Report shows 'true' accounting of pension liabilities more than double what governments say; Expert: debt is 'utterly absurd'
Financial expert Mark Glennon of Wilmette says in his analysis of a new study on state and local pensions that the options available to reduce the substantial obligations facing Illinois funds include amending the state constitution or going through federal bankruptcy.
A report produced by the Hoover Institution at Stanford University, "Hidden Debt, Hidden Deficits: 2017 Edition," studies in detail 649 pension systems across the U.S. It analyzes the way the funds measure their costs and obligations and how those differ from market valuations "that are consistent with the principles of financial economics."
The report indicates that Illinois systems, by a number of measures, are in the worst shape in the nation with actual liabilities being nearly double what the state reports.
Glennon wrote that if the liabilities of the state's public pensions are measured the way "reputable" financial economists say you should - rather than the way governments under-estimate - "our pension liabilities become utterly absurd."
The study looks at the market value of liability (MLV), which Glennon describes as:
"The basic idea is that, since pension liabilities are guaranteed hell-or-high-water, which the Illinois Supreme Court says is the case for all state and local liabilities, then the investments backing up that guaranty should likewise be guaranteed — safe, secure and low yield. So, the study looks at unfunded pension liabilities from the same perspective: The proper discount rate is what you could earn on Treasury bonds with a duration comparable to what’s owed on the pensions."
According to the report written by Stanford Graduate School of Business finance professor Joshua D. Rauh, while governments reported unfunded pension fund liabilities at $1.378 trillion in fiscal year 2015, when using market valuation techniques the "true" unfunded liability owed to public workers is $3.846 trillion.
"These calculations reflect the fact that accrued pension promises are a form of government debt with strong rights," Rauh wrote. "These unfunded liabilities represent an increase of $434 billion over 2014, as realized asset returns fell far short of their targets."
In Glennon's article posted Tuesday in Wirepoints Illinois News, he notes some of the study's conclusions about Illinois:
• Illinois pensions have just 29 percent of what they need to meet promises made, which is the worst in the nation, having a total MLV unfunded liability over $360 billion instead of the reported liability of $188 billion.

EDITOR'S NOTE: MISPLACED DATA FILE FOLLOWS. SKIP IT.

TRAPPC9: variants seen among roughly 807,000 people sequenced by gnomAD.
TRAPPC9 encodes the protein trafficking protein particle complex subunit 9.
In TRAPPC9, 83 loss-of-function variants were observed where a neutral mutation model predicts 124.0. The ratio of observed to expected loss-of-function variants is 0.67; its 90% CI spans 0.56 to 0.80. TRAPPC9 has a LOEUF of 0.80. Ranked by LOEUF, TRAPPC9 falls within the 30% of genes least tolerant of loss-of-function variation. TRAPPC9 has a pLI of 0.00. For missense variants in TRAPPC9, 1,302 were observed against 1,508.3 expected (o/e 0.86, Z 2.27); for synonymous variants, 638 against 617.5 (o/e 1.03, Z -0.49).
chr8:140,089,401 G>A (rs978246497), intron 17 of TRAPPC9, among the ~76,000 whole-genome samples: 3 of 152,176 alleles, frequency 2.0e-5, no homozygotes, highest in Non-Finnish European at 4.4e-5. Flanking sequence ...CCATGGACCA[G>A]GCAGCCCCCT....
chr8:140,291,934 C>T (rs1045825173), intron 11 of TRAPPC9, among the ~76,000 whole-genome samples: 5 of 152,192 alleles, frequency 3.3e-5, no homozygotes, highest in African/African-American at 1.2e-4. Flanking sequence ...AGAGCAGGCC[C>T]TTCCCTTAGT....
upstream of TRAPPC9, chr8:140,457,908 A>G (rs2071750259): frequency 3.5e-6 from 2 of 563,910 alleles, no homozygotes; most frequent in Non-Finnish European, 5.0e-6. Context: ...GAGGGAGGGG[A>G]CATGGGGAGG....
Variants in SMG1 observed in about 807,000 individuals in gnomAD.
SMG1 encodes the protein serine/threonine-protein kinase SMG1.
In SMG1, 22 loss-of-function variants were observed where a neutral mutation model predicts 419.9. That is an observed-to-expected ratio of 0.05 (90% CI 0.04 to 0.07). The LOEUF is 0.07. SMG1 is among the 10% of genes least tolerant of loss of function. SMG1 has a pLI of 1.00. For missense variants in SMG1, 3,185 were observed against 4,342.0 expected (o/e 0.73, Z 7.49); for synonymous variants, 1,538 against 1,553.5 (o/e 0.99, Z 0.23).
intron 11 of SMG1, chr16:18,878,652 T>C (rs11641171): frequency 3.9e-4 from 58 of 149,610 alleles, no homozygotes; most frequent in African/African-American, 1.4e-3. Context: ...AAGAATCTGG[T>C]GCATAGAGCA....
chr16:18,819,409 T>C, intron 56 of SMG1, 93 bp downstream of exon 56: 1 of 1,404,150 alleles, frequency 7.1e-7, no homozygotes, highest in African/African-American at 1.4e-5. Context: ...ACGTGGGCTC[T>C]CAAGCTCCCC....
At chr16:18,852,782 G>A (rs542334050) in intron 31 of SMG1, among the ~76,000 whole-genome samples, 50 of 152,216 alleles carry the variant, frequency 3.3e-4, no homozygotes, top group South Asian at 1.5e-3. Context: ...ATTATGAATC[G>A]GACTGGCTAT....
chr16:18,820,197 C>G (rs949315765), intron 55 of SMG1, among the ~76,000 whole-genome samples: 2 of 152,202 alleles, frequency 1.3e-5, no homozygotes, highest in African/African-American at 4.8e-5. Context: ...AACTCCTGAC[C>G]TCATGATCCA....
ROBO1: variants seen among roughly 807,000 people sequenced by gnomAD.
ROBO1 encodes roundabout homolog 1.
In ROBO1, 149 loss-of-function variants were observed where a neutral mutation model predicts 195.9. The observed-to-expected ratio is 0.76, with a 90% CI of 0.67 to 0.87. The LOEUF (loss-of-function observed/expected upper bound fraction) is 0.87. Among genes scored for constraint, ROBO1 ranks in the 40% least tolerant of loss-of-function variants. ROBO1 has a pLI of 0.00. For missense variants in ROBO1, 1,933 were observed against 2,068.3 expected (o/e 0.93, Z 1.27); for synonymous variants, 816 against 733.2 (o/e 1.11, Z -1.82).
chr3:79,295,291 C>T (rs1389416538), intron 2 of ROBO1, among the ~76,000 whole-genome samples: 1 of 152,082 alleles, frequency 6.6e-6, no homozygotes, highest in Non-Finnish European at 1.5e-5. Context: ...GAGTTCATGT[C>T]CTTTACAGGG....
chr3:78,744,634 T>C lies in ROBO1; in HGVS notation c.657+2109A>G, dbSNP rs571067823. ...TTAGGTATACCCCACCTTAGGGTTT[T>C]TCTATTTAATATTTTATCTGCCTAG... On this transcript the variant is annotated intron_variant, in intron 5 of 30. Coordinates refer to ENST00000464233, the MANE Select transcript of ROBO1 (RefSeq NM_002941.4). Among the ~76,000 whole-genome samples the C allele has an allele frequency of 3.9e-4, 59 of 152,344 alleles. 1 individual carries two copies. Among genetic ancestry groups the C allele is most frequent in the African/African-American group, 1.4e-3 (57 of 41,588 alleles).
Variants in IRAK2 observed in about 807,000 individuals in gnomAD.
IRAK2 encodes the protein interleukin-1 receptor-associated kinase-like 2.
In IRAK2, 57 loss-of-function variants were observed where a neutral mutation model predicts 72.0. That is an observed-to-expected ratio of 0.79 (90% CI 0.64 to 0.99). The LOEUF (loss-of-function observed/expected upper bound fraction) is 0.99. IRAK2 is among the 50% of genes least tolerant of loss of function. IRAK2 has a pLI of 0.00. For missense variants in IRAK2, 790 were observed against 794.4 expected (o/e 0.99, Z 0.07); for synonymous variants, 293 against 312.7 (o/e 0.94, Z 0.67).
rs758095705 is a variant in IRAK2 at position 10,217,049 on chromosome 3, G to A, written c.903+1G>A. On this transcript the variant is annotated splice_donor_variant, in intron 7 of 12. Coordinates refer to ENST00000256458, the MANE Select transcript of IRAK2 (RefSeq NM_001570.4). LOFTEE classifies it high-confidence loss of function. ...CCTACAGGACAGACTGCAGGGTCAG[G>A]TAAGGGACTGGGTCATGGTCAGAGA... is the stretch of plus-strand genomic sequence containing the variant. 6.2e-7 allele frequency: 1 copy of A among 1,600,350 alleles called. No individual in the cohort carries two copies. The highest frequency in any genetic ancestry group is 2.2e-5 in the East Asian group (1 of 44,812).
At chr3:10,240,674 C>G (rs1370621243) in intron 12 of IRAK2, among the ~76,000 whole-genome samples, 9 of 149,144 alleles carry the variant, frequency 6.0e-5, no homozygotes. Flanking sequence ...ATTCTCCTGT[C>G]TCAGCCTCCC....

• Chicago pensions have 19.9 percent of what they need, the worst of any major city. Its pension debt is more than $90 billion as opposed to the $45 billion officially reported.
• Cook County’s pension debt is only the second worst among counties in the nation (behind Wayne County, Mich.), being about 30 percent funded. It owes about $18 billion.
He also pointed to what the study indicates about how profound problems are when looking at what it would take to stop deficits from expanding.
"In other words, how much more would it take from taxpayers just to keep these pensions from sinking further into debt?" he wrote.
For instance, Glennon wrote:
• In Illinois, the state would have to contribute “well over twice of what it actually contributed.”
• Chicago “would have had to contribute a full 44.5 percent of its own revenue.”
• Cook County “would have had to contribute more than 40 percent of its own revenue budgets just to prevent unfunded liabilities from rising.”
"You should already know that our pension obligations are insurmountable even using the government’s numbers," Glennon wrote. "The only two ways to reduce those obligations are a state constitutional amendment deleting the pension protection clause or federal bankruptcy."
Factors contributing to the state's pension crisis include guaranteeing workers much more in retirement than they contributed into the systems in which they are vested, and annual cost of living increases.
State lawmakers attempted to fix the pension funding problem in 2013 by passing a bill that cut automatic cost of living increases for retired workers, extended retirement ages and put limits on salaries used to calculate benefits. But in 2015, the Illinois Supreme Court found the law unconstitutional as it sided with public unions, saying the state was obligated to protect public worker pensions.